The onset of Alpers syndrome typically occurs between the ages of 2 and 4 years. However, there is a milder variation of the disease that may not present until between 17 and 24 years of age. The disorder can rapidly lead to fatal brain disease and liver failure. As such, some individuals with Alpers syndrome typically survive less than 4 years after symptoms emerge.
Medical research has not yet found a way of curing or slowing Alpers syndrome. However, treatments are available that can help with symptom management.
- ptosis and loss of eye movement
- impaired balance or coordination
- decreased muscle tone
- disordered movement
- vision loss
- cognitive impairment
- failure to thrive
- anticonvulsant medications for seizures (although valproate should be avoided)
- pain medication and muscle relaxants for comfort
- feeding tube for nutritional support
- physical therapy for declining motor skills and muscle strength
Because Alpers syndrome is an inherited disorder, genetic counseling for the family may also be recommended.
Are there any clinical trials for Alpers syndrome?
To see what trials you may qualify for, visit our Clinical Trials page – which also included a Clinical Trials Finder Tool. We also highly encourage you to join our patient registry, mitoSHARE, where we are actively recruiting Alpers families.
We are here to help. UMDF serves a number of families coping with Alpers syndrome. We suggest you reach out to our Support & Education Team – online, via email at firstname.lastname@example.org or phone at (888) 900-6486 – who can suggest a host of resources including doctors, disease specific support meetings, and more. They’ll also connect you with a UMDF ambassador, likely a fellow Alpers patient or family member, who can help support and guide you through your questions.
- Get Support
Connect with our Support & Education Team online, via email at email@example.com or phone at (888) 900-6486.
- Check our clinical trials finder
Use our Clinical Trials Finder tool to see if you qualify for any clinical trials.
- Join our patient registry, mitoSHARE
We are actively recruiting Alpers syndrome families to participate in our patient registry, mitoSHARE. Patient registries like mitoSHARE are an integral part in charting a course toward treatments and cures for Alpers syndrome and other mitochondrial diseases. There are currently over 30 active mitochondrial disease clinical trials. Next generation patient registries like mitoSHARE are an integral part of expanding that number.
- Become an advocate
Ask your representatives to prioritize mitochondrial disease research and support via the UMDF Advocacy Center. We’ll send regular action items where you – and your friends and family – can let Congress know we need their support. Click here to sign up.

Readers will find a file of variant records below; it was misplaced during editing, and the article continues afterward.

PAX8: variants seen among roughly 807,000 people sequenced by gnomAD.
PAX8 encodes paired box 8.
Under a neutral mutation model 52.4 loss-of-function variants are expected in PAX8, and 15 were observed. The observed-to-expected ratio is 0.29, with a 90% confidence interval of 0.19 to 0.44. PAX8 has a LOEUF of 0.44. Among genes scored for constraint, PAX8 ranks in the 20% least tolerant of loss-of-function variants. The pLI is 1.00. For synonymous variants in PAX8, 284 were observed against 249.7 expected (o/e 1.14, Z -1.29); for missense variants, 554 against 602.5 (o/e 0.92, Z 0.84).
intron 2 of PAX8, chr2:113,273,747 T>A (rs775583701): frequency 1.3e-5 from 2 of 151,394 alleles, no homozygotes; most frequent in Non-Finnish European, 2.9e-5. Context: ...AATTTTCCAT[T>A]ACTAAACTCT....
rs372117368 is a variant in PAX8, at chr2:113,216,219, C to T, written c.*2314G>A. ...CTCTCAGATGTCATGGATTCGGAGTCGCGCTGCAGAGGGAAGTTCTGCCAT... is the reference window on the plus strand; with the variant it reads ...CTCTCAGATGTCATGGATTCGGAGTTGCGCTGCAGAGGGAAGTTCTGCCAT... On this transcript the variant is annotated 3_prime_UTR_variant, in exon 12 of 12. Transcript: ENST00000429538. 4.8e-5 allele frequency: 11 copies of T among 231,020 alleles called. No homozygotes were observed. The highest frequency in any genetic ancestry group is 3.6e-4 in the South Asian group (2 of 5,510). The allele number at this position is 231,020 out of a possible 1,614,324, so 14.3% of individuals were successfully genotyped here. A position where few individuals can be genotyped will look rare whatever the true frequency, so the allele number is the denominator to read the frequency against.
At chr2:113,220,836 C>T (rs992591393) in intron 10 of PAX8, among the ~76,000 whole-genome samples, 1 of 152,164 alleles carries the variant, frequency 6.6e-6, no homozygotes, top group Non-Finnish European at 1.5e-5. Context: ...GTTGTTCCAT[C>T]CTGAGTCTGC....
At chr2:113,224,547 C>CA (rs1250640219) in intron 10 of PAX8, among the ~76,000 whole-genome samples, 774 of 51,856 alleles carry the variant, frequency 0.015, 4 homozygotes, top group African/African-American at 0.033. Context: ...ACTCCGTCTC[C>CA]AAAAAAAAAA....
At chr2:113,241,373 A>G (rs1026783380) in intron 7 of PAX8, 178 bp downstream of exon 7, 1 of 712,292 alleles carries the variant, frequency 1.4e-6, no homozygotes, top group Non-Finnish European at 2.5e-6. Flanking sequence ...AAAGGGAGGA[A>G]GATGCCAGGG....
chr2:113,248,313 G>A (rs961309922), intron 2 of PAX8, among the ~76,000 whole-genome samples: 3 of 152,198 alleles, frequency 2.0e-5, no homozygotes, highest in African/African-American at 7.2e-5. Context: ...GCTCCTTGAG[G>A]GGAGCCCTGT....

- Join the conversation online
– UMDF Social Media Support Groups: Facebook Support Group
– UMDF News & Updates: Facebook | Twitter | Instagram | YouTube
- Get involved
Join the fight by giving your voice, generosity, time, or energy. Click here to see how you can help.
UMDF is helping chart a path toward treatments and eventual cure of mitochondrial diseases like Alpers syndrome through:
- Research & Funding: UMDF has provided more than $15 million in research funding to find treatments for diseases like Alpers syndrome. UMDF advocacy has helped secure an additional $55 million in federal funding via the Department of Defense and National Institutes of Health.
- Data: Over two decades ago, UMDF pioneered patient registries for the mitochondrial disease community. Today, our next generation patient registry, mitoSHARE, is helping chart a path toward the treatment and eventual cure of mitochondrial diseases.
- Patient Support: Thousands of families just like you depend upon UMDF for support and education. Attendance at our support meetings annually tops 7,000, including disease specific support meetings for families.
- Clinician Support: To help educate clinicians on diseases like Alpers syndrome, we feature monthly Bench to Bedside clinician seminars, host the annual Mitochondrial Medicine Symposium, support the Mitochondrial Care Network, and educate clinicians on our Mito U platform.
- Saneto RP, Cohen BH, Copeland WC, Naviaux RK. Alpers-Huttenlocher syndrome. Pediatr Neurol. 2013;48(3):167-178. doi:10.1016/j.pediatrneurol.2012.09.014
- Rose HR, Al Khalili Y. Alpers-Huttenlocher Syndrome. [Updated 2022 Aug 22]. In: StatPearls [Internet]. Treasure Island (FL): StatPearls Publishing; 2022 Jan-. Available from: https://www.ncbi.nlm.nih.gov/books/NBK540966/
- Park S, Kang HC, Lee JS, Park YN, Kim S, Koh H. Alpers-Huttenlocher Syndrome First Presented with Hepatic Failure: Can Liver Transplantation Be Considered as Treatment Option?. Pediatr Gastroenterol Hepatol Nutr. 2017;20(4):259-262. doi:10.5223/pghn.2017.20.4.259
- Qian Y, Ziehr JL, Johnson KA. Alpers disease mutations in human DNA polymerase gamma cause catalytic defects in mitochondrial DNA replication by distinct mechanisms. Front Genet. 2015;6:135. Published 2015 Apr 9. doi:10.3389/fgene.2015.00135
- Copeland WC. Defects in mitochondrial DNA replication and human disease. Crit Rev Biochem Mol Biol. 2012;47(1):64-74. doi:10.3109/10409238.2011.632763
- Cohen BH, Chinnery PF, Copeland WC. POLG-Related Disorders. 2010 Mar 16 [Updated 2018 Mar 1]. In: Adam MP, Everman DB, Mirzaa GM, et al., editors. GeneReviews® [Internet]. Seattle (WA): University of Washington, Seattle; 1993-2022. Available from: https://www.ncbi.nlm.nih.gov/books/NBK26471/
- Saneto RP. Alpers-Huttenlocher syndrome: the role of a multidisciplinary health care team. J Multidiscip Healthc. 2016;9:323-333. Published 2016 Jul 26. doi:10.2147/JMDH.S84900